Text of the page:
George Crumb, “Ancient Voices of Children”

Ancient Voices Of Children (A Cycle Of Songs On Texts By Federico García Lorca For Mezzo-soprano, Boy Soprano, Oboe, Mandolin, Harp, Electric Piano & Percussion) was released on Nonesuch in 1971, with the same cast that performed the premiere a year earlier.

Arthur Weisberg conducts The Contemporary Chamber Ensemble featuring Jan DeGaetani, Gilbert Kalish, Susan Jolles, Stephen Bell, George Haas, Howard Van Hyning, Raymond DesRoches, Richard Fitz, Jacob Glick and Michael Dash.

A significant number of George Crumb’s moody and theatrical compositions have been settings of the Spanish poet Federico García Lorca. Ancient Voices Of Children tapped into the moment, including anti-Vietnam war sentiment, and remains one of the few genuinely abstract pieces from 20th-century formal American composition to have a cultural footprint larger than a shoebox.

The work is a feature for the wonderful mezzo-soprano Jan DeGaetani. Crumb wrote:

The vocal style in the cycle ranges from the virtuosic to the intimately lyrical, and in my conception of the work I very much had in mind Jan DeGaetani’s enormous technical and timbral flexibility. Perhaps the most characteristic vocal effect in Ancient Voices is produced by the mezzo-soprano singing a kind of fantastic vocalise (based on purely phonetic sounds) into an amplified piano, thereby producing a shimmering aura of echoes.

DeGaetani’s star turn is not supported by much harmony, traditional or otherwise; this leanness of texture helps create the “ancient” feeling proclaimed in the title. After voice, percussion is the most significant element. The score requires three official percussionists, while the pianos and harp play percussive roles as well.

1a. El niño busca su voz (The Little Boy was Looking for his Voice). Right away, a cadenza for DeGaetani, a document of extreme possibility. There are no words for the singer at first, rather simply phonetic sounds. Again, everything behind her is very sparse. The general feel throughout most of the movements is spacious, almost tentative. It works pretty well on record, but in live performance the execution of all the “tricks” (singing inside the piano, the instrumentalists taking turns with spoken dialogue, and so forth) adds another layer of tension.

1b. Dances of the Ancient Earth. Oboe and shouts of “hey” interact with the drums and harp. The oboe melody is derived from Mahler’s Das Lied von der Erde.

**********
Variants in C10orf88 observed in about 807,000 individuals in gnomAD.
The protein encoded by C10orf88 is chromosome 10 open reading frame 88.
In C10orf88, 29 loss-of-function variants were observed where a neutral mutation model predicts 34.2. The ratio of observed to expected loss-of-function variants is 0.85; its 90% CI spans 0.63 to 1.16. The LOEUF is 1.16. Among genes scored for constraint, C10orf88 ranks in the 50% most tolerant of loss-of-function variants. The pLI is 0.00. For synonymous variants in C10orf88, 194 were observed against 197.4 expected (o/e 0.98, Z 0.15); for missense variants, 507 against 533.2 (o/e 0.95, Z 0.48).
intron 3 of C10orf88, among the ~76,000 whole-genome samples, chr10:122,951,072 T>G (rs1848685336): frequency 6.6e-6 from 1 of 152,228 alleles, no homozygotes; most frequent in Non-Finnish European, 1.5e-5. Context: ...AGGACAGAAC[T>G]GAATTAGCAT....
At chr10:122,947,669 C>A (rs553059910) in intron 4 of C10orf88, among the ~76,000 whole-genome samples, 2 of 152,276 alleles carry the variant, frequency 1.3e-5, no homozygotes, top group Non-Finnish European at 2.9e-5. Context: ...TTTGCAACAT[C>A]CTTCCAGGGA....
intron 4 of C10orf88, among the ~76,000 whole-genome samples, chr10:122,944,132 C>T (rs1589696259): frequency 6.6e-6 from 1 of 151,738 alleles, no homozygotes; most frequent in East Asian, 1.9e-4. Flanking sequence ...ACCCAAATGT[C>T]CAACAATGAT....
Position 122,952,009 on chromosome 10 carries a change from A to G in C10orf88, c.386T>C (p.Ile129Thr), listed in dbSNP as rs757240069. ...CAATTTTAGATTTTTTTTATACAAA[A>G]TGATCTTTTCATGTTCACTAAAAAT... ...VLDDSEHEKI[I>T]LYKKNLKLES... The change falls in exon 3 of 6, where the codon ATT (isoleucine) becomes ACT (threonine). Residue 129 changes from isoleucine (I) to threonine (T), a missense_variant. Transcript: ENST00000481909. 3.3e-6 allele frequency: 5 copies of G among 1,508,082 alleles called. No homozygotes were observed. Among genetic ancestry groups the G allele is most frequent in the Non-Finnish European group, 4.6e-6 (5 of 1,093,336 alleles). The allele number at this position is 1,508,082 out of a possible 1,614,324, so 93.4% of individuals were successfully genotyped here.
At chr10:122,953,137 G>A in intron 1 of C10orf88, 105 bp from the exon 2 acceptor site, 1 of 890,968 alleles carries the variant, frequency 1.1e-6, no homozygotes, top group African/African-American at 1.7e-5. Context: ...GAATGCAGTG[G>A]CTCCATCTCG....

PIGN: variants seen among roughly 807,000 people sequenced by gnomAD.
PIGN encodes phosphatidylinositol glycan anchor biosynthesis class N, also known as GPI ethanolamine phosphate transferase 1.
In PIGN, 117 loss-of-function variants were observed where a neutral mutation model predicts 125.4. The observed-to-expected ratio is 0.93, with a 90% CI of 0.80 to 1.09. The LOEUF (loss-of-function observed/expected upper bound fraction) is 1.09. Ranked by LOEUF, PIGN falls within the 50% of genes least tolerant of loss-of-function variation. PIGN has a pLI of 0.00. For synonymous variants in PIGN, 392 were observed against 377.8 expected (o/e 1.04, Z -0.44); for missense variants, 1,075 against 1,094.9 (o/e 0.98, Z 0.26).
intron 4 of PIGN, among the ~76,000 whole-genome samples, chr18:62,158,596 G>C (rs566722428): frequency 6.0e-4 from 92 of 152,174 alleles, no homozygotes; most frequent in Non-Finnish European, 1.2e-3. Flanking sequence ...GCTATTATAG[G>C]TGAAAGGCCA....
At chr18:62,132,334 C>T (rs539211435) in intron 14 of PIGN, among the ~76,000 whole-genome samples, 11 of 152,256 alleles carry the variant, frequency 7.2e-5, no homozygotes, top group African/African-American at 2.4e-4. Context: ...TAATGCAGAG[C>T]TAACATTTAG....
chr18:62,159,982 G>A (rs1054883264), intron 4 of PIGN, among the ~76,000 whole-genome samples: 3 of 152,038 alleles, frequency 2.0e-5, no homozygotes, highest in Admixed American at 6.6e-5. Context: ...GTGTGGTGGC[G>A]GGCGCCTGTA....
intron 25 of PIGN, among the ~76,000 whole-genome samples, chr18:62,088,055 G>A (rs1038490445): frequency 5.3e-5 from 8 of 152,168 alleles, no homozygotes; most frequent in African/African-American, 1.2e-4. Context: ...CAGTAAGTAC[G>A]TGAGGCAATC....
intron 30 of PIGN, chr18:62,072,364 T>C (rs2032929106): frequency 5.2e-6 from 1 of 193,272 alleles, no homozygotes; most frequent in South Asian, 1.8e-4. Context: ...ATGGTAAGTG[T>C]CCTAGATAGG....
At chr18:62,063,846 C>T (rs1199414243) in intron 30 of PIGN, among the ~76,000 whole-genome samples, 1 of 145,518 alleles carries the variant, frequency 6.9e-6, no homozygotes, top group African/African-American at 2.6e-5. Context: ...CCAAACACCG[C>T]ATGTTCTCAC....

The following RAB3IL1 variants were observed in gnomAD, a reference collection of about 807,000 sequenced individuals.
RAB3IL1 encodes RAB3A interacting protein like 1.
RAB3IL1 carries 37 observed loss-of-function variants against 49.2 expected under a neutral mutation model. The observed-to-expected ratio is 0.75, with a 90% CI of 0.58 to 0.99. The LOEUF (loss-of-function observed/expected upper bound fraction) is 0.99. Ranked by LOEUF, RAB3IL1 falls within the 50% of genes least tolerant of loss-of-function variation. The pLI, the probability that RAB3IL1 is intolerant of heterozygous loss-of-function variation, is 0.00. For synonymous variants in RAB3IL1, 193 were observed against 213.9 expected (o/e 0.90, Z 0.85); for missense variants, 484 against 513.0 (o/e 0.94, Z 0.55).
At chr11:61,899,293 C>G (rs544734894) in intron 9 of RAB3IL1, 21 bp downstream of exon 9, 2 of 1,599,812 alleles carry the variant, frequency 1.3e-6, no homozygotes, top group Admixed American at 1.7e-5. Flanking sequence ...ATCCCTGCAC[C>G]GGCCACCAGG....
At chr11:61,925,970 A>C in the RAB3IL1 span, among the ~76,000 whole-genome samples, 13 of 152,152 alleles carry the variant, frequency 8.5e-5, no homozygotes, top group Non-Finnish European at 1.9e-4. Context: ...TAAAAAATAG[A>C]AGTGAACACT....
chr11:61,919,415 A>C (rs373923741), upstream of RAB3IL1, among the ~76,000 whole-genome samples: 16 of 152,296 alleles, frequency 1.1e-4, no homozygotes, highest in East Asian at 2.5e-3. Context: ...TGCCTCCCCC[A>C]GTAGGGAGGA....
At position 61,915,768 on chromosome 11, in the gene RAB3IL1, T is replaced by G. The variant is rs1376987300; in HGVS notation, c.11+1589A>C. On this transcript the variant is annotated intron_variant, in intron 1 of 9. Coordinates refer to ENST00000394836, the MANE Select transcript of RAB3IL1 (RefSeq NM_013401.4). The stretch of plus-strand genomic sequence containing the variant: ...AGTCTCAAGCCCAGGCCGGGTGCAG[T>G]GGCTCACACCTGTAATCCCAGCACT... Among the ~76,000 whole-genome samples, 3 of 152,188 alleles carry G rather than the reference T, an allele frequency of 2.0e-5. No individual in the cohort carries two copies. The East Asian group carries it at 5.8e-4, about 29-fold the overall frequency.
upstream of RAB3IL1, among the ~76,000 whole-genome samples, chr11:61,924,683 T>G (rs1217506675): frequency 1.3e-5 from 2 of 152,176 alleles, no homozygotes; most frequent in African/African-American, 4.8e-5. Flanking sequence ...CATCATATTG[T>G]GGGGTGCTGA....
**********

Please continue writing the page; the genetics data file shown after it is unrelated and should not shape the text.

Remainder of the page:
2. Me he perdido muchas veces por el mar (I have lost myself in the sea many times). DeGaetani whispers, the instruments circle and glisten.

3. ¿De dónde vienes, amor, mi niño? (Dance of the Sacred Life-Cycle). After another stunning operatic cadenza by DeGaetani, the drums take up a menacing bolero rhythm. Underneath the bolero, a tympani groans while slowly being tuned and de-tuned, a notable and rather aleatoric effect.

While intended for conventional classical music performers, the theatrical experimentation of Ancient Voices is absolutely a piece with all sorts of electronic and improvised music of the late ’60s. Indeed, simply reading the strange-looking score of Ancient Children requires the interpreters to go far outside the norms of common practice chamber music.

4a. Todas las tardes en Granada, todas las tardes se muere un niño (Each Afternoon in Granada, a Child Dies Each Afternoon). There hasn’t been much, if any, triadic harmony until now — not even with the Mahler oboe quote — but suddenly a rich D-flat major chord accompanies a quasi-flamenco preach from DeGaetani. Somehow this long sumptuous call is answered perfectly by a toy piano’s sad little marching Baroque cadence. The greatest movement of the suite.

(Note: in the Weisberg/DeGaetani issue, “Dance of the Sacred Life-Cycle” and “Each Afternoon in Granada, a Child Dies Each Afternoon” are complied into one continuous track.)

4b. Ghost Dance. The musical saw offers a plaintive whine and the castanets shake in dismissal. This movement is better in live performance.

5. Se ha llenado de luces mi corazón de seda (My silk heart has been filled with lights). Chimes, gongs, other percussion, a lonely oboe melody. The boy soprano is heard “offstage” in quick cameos in earlier movements, and finally comes onstage to meet the mezzo. However this is not a true apotheosis, but once again something sparse and fleeting. Rather than build an edifice, the composer gives us epigrams and runes.